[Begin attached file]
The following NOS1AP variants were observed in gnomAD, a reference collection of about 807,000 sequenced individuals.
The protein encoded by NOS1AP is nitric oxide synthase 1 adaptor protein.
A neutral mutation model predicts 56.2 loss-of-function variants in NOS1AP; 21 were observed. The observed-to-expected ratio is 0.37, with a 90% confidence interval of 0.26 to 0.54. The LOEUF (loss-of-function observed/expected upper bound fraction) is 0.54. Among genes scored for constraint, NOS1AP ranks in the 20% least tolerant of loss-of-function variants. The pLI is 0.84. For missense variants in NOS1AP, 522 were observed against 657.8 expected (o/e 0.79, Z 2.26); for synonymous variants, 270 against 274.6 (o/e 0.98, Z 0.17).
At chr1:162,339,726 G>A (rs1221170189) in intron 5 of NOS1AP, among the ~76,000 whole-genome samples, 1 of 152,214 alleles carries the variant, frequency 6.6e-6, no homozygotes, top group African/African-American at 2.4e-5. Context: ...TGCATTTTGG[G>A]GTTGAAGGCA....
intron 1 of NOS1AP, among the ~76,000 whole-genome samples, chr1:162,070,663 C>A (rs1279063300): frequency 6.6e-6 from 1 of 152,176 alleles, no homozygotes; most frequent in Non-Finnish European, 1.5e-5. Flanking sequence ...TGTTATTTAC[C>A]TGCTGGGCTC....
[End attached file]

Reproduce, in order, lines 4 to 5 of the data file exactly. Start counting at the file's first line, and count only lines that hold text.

At chr1:162,339,726 G>A (rs1221170189) in intron 5 of NOS1AP, among the ~76,000 whole-genome samples, 1 of 152,214 alleles carries the variant, frequency 6.6e-6, no homozygotes, top group African/African-American at 2.4e-5. Context: ...TGCATTTTGG[G>A]GTTGAAGGCA....
intron 1 of NOS1AP, among the ~76,000 whole-genome samples, chr1:162,070,663 C>A (rs1279063300): frequency 6.6e-6 from 1 of 152,176 alleles, no homozygotes; most frequent in Non-Finnish European, 1.5e-5. Flanking sequence ...TGTTATTTAC[C>A]TGCTGGGCTC....